Today, Readers Unbound is pleased to host guest blogger Rona Simmons.
Rona Simmons is the author of The Quiet Room, a historical novel set in Evansville, Indiana, a town generations of her family called home. Her previous works include a ghostwritten biography of a prominent Atlanta businessman, a collection of short stories compiled from interviews of family and friends from the early to mid 1900s, articles for a local magazine and a horticultural journal, and flash fiction broadcast on internet radio.
Rona now lives with her husband and (she swears) the last member of a passel of cats outside Atlanta, Georgia, on eight pine-studded acres. Though still fascinated by her German-Midwest American heritage, Rona is busy exploring her father’s side of the family for a new novel set in Boston, Massachusetts.
Two weeks into December. Each year at this time, I wonder anew where Christmas is headed and fear that next year the season will start the day it ends. As usual, I launch another valiant attempt to guard the meaning of Christmas while speeding past blinking Happy Birthday, Jesus signs, changing the radio dial at the first chirp of chipmunks, and steering clear of discussions of whether I should greet friends with Happy Holidays or Merry Christmas or be politically correct and include a sentiment for each faith. Part of my strategy is to hold fast to the idea of gift giving, whether such gifts take the form of spending time with loved ones, reconnecting with old friends, or contributing to the support of those less fortunate.
And so it is perhaps appropriate that my novel The Quiet Room has been released in this season. The story has its genesis in a gift made close to a century ago.
I’ve yet to trace the origin of sweetheart scarves, but what I do know is as he departed Evansville, Indiana, for the front lines in Europe in 1918 at the height of the “war to end all wars,” my grandmother’s beau presented her with one. The scarf measures about a foot square, is trimmed in lace, and made of silk or a silk-like fabric that today has a wonderful sepia patina. I suppose in its day it was sparkling white. Across the top an eagle carries a banner in its beak emblazoned with the words, The Farewell. Beneath the banner, a soldier embraces his sweetheart complete with high-collared blouse and upswept hair.
My grandmother came to live with us when she was sixty-two and a widow. When she passed the scarf to me, she made no mention of its origin and I, callously, asked no questions, not what it was, not where she got it, not what it meant to her. She became an integral part of our lives, living with us for over twenty years. Even so, I don’t think I ever quite knew her.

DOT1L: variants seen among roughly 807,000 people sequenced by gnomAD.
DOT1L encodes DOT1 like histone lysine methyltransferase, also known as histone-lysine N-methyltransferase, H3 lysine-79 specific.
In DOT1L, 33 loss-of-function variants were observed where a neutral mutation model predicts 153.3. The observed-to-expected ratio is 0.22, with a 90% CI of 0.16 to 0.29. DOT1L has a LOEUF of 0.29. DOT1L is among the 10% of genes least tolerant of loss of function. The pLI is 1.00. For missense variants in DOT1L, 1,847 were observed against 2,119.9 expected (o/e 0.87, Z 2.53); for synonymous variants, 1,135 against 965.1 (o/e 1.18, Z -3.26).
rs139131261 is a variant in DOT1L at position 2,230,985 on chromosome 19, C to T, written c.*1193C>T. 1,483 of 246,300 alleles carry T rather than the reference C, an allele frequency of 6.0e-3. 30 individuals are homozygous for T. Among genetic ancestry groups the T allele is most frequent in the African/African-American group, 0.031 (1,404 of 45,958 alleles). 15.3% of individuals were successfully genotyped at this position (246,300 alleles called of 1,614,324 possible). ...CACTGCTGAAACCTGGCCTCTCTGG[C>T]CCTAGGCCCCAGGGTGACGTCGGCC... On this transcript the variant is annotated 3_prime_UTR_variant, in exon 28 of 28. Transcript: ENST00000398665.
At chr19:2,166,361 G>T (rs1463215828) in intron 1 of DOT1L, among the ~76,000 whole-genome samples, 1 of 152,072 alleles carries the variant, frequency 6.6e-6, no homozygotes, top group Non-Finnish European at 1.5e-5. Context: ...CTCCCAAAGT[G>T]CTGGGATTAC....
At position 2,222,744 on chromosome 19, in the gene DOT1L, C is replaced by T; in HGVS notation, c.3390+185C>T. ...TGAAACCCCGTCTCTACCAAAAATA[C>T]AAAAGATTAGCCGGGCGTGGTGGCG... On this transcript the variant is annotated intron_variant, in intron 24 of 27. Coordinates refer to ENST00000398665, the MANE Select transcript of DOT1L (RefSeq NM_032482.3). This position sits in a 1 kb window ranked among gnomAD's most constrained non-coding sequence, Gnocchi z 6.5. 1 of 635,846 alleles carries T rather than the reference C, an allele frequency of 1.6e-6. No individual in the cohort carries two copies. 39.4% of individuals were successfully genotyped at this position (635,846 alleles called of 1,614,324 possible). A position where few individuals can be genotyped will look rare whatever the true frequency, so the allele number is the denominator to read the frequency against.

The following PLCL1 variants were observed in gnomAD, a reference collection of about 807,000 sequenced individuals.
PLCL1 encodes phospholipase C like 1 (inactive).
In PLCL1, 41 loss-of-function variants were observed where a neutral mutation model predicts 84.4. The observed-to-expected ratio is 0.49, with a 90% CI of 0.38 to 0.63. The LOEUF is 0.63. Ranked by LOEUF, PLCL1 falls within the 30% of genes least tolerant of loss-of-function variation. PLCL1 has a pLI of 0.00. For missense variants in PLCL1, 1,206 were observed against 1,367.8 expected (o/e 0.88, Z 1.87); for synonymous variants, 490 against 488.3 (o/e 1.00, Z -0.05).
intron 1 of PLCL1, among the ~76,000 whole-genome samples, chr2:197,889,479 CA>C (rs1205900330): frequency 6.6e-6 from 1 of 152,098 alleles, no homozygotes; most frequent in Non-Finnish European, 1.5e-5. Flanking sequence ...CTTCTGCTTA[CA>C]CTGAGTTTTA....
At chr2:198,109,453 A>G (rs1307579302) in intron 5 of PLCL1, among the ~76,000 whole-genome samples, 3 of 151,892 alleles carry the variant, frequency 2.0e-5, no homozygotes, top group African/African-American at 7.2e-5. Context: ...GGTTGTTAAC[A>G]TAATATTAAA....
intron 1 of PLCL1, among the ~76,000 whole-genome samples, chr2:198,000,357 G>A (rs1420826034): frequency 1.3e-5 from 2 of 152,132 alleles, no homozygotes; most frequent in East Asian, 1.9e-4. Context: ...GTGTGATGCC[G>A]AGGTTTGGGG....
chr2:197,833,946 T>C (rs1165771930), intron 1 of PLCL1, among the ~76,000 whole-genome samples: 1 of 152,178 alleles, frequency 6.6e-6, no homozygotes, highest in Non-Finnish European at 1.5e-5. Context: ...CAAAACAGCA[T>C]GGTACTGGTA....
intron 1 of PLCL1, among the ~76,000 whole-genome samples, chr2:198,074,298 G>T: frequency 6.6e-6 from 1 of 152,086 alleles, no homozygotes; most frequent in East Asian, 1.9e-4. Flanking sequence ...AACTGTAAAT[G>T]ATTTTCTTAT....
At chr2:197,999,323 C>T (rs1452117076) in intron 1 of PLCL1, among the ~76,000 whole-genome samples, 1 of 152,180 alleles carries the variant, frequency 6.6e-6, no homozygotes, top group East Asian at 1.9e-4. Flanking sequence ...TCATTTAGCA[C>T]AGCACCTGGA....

She was from a generation that believed you grew up, married, had children, then died. And, if the husband passed before the wife, the widow mourned his death until she too died. Remarrying, even perhaps finding joy in her new life, was out of the question.
Three years ago, when I stumbled on the scarf, removing it from where it lay crumpled at the back of one of the drawers in my home, I could not help but wonder what her life had been like when she was young and in love. For days, I plundered boxes of old family photos—most, sepia toned, board-mounted portraits of men with spectacles and beards and ladies in black–and flipped through albums of string-bound, coarse black paper. I found a handful of shots of my grandmother, a few from her earliest days, and others more recent, where she sat in the background or hovered just outside the family circle. I encountered none where she was smiling.
Near the bottom of a drawer full of loose photos, one caught my eye, a creased and darkened image of a young man riding in a horse and buggy. On the reverse, in the handwriting I knew was my grandmother’s exacting script, were the man’s name and the inscription “my boyfriend.” After a brief online search, I discovered he had enlisted in the Army in September 1917 and had been killed in action during the assault on the Hindenburg line only months after arriving in Europe.
Until I pieced together the timeline, I did not realize the scarf was a gift from this young man and not, as I had presumed, the man my grandmother married in 1920. Here was a woman I had believed to be faithful to the memory of her husband for thirty years after his death, but learned she had clung to a gift and a photo of her first true love. I pictured the mementos secreted away in the back of a drawer of her own throughout her marriage.
This secret revealed my grandmother to be, not the cardboard caricature of her times, but a far more complex and even tragic figure than I had known. Though my grandmother was the inspiration for Anneliese Stephens, the central character in The Quiet Room, the events that take in the novel place are all pure fiction. All except for the gift.
The Quiet Room is available through Rona’s website www.ronasimmons.com, her publisher at www.deedspublishing.com or Amazon.com. Contact Rona by email at firstname.lastname@example.org, through Twitter@SimmonsRona, or look for her on Facebook.
Artwork provided by Rona Simmons.
Can you recall a gift, one you gave or received, that you think might have a story worth exploring? Share it with me; I’d love to hear your tale.